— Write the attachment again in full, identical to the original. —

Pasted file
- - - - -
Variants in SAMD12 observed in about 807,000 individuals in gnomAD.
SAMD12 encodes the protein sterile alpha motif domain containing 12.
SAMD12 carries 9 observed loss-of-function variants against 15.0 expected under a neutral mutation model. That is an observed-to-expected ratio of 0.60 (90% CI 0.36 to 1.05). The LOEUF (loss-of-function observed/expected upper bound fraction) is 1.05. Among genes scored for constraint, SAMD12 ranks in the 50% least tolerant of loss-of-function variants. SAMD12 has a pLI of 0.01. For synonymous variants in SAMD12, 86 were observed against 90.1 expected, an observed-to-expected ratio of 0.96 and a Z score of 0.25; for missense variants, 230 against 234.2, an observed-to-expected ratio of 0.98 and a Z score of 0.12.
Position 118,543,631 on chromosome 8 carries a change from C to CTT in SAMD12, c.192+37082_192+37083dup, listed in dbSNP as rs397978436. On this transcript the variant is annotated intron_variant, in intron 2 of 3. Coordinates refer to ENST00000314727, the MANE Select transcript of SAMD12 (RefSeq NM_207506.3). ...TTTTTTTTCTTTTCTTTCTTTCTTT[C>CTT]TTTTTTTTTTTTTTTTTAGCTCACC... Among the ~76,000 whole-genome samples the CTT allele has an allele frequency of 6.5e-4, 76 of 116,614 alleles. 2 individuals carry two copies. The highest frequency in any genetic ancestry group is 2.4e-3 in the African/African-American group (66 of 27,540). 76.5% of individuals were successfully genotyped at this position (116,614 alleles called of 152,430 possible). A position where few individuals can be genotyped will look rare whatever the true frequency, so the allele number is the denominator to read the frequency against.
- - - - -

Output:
Variants in SAMD12 observed in about 807,000 individuals in gnomAD.
SAMD12 encodes the protein sterile alpha motif domain containing 12.
SAMD12 carries 9 observed loss-of-function variants against 15.0 expected under a neutral mutation model. That is an observed-to-expected ratio of 0.60 (90% CI 0.36 to 1.05). The LOEUF (loss-of-function observed/expected upper bound fraction) is 1.05. Among genes scored for constraint, SAMD12 ranks in the 50% least tolerant of loss-of-function variants. SAMD12 has a pLI of 0.01. For synonymous variants in SAMD12, 86 were observed against 90.1 expected, an observed-to-expected ratio of 0.96 and a Z score of 0.25; for missense variants, 230 against 234.2, an observed-to-expected ratio of 0.98 and a Z score of 0.12.
Position 118,543,631 on chromosome 8 carries a change from C to CTT in SAMD12, c.192+37082_192+37083dup, listed in dbSNP as rs397978436. On this transcript the variant is annotated intron_variant, in intron 2 of 3. Coordinates refer to ENST00000314727, the MANE Select transcript of SAMD12 (RefSeq NM_207506.3). ...TTTTTTTTCTTTTCTTTCTTTCTTT[C>CTT]TTTTTTTTTTTTTTTTTAGCTCACC... Among the ~76,000 whole-genome samples the CTT allele has an allele frequency of 6.5e-4, 76 of 116,614 alleles. 2 individuals carry two copies. The highest frequency in any genetic ancestry group is 2.4e-3 in the African/African-American group (66 of 27,540). 76.5% of individuals were successfully genotyped at this position (116,614 alleles called of 152,430 possible). A position where few individuals can be genotyped will look rare whatever the true frequency, so the allele number is the denominator to read the frequency against.